Affirmative Action and University Fit: Evidence from Proposition 209
NBER Working Paper No. 18523
Proposition 209 banned the use of racial preferences in admissions at public colleges in California. We analyze unique data for all applicants and enrollees within the University of California (UC) system before and after Prop 209. After Prop 209, graduation rates increased by 4.4%. We present evidence that certain institutions are better at graduating more-prepared students while other institutions are better at graduating less-prepared students and that these matching effects are particularly important for the bottom tail of the qualification distribution. We find that Prop 209 led to a more efficient sorting of minority students, explaining 18% of the graduation rate increase in our preferred specification. Further, universities appear to have responded to Prop 209 by investing more in their students, explaining between 23-64% of the graduation rate increase.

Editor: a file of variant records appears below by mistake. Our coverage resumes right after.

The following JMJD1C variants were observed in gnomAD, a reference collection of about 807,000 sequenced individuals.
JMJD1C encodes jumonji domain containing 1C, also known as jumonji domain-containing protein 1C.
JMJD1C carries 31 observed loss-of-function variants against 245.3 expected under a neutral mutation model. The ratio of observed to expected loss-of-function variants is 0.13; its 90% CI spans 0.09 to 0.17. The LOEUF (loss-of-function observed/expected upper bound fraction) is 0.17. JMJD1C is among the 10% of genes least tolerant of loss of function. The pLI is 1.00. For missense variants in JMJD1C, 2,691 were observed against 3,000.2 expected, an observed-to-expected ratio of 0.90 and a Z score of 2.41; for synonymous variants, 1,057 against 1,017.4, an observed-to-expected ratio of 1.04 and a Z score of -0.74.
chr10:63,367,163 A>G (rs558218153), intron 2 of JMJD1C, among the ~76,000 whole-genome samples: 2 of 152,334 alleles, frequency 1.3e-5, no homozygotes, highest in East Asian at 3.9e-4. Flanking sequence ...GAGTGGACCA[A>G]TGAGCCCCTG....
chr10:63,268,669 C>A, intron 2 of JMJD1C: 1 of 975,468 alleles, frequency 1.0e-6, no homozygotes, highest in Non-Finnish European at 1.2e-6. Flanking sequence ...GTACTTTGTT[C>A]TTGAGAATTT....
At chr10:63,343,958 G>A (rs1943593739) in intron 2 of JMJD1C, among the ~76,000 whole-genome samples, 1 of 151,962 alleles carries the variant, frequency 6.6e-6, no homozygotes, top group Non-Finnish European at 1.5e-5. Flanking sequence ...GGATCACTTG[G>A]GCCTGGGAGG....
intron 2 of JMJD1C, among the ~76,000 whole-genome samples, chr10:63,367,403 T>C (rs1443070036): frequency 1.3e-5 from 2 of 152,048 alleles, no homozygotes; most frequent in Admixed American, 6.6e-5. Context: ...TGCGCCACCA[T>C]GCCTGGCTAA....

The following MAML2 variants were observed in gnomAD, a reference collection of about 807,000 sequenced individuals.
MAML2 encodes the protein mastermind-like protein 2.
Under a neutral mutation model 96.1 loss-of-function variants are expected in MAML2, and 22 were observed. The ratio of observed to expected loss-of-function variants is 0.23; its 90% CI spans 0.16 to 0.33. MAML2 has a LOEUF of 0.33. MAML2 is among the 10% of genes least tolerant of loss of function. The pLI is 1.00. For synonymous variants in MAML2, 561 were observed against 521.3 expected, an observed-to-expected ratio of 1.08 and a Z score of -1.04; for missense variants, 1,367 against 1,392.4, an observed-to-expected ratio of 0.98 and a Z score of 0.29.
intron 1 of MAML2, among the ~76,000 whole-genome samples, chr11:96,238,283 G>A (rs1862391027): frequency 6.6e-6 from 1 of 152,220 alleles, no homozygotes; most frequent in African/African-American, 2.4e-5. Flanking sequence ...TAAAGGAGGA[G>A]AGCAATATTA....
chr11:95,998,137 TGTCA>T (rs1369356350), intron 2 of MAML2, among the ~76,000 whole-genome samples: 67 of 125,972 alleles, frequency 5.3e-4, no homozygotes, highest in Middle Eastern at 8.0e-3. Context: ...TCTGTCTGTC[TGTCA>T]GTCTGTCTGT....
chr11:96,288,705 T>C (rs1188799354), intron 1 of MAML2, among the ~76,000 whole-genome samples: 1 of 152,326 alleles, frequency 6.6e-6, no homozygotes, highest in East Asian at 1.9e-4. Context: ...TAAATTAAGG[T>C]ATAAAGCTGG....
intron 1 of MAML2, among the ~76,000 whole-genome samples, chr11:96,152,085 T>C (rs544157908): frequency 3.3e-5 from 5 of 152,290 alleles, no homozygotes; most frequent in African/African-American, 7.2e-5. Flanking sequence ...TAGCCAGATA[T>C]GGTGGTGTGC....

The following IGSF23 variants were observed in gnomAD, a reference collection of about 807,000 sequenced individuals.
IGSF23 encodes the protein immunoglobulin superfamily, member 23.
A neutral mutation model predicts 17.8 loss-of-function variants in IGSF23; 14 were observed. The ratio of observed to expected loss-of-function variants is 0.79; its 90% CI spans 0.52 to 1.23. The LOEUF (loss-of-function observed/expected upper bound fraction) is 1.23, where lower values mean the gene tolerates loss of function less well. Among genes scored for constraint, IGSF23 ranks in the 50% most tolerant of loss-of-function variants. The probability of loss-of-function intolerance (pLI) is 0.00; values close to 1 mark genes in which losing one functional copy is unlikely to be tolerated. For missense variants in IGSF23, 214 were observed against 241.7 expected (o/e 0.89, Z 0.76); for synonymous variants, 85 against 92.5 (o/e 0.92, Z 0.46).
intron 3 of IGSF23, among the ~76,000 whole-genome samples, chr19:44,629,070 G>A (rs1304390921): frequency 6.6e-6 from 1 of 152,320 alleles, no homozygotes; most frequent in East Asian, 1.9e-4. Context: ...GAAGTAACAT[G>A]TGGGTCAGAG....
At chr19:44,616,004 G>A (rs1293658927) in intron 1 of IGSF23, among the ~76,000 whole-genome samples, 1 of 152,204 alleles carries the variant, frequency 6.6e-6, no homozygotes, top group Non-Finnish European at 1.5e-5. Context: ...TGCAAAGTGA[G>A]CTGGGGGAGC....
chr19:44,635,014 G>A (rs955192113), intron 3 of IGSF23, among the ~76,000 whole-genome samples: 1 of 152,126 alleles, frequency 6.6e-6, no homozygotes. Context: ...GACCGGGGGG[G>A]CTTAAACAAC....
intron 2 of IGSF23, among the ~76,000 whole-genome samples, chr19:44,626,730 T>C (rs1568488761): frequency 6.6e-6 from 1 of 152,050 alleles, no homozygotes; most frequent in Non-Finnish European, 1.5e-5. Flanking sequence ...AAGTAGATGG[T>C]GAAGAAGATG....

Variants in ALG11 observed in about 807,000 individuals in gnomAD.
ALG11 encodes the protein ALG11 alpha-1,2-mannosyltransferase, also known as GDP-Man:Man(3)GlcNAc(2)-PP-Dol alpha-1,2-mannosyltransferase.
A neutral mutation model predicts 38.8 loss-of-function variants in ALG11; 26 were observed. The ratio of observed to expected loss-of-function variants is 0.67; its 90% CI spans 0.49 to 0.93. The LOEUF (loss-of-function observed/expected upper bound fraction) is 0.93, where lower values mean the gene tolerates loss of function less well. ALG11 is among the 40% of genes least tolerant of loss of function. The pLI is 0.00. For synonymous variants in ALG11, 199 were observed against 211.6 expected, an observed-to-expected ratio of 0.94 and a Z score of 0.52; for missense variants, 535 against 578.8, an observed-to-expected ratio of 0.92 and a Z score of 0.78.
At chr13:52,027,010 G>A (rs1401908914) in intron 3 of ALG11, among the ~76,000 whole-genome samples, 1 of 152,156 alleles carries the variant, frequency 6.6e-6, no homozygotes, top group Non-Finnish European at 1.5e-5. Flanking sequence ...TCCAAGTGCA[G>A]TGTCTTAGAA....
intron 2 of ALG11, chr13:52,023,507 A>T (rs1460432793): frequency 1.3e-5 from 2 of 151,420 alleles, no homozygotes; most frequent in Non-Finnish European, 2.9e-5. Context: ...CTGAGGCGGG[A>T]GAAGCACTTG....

This paper was revised on September 19, 2013
Document Object Identifier (DOI): 10.3386/w18523
Published: Affirmative action and university fit: evidence from Proposition 209 Peter Arcidiacono12*, Esteban Aucejo3, Patrick Coate4 and V Joseph Hotz125 * Corresponding author: Peter Arcidiacono firstname.lastname@example.org Author Affiliations For all author emails, please log on. IZA Journal of Labor Economics 2014, 3:7 doi:10.1186/2193-8997-3-7 Published: 15 September 2014
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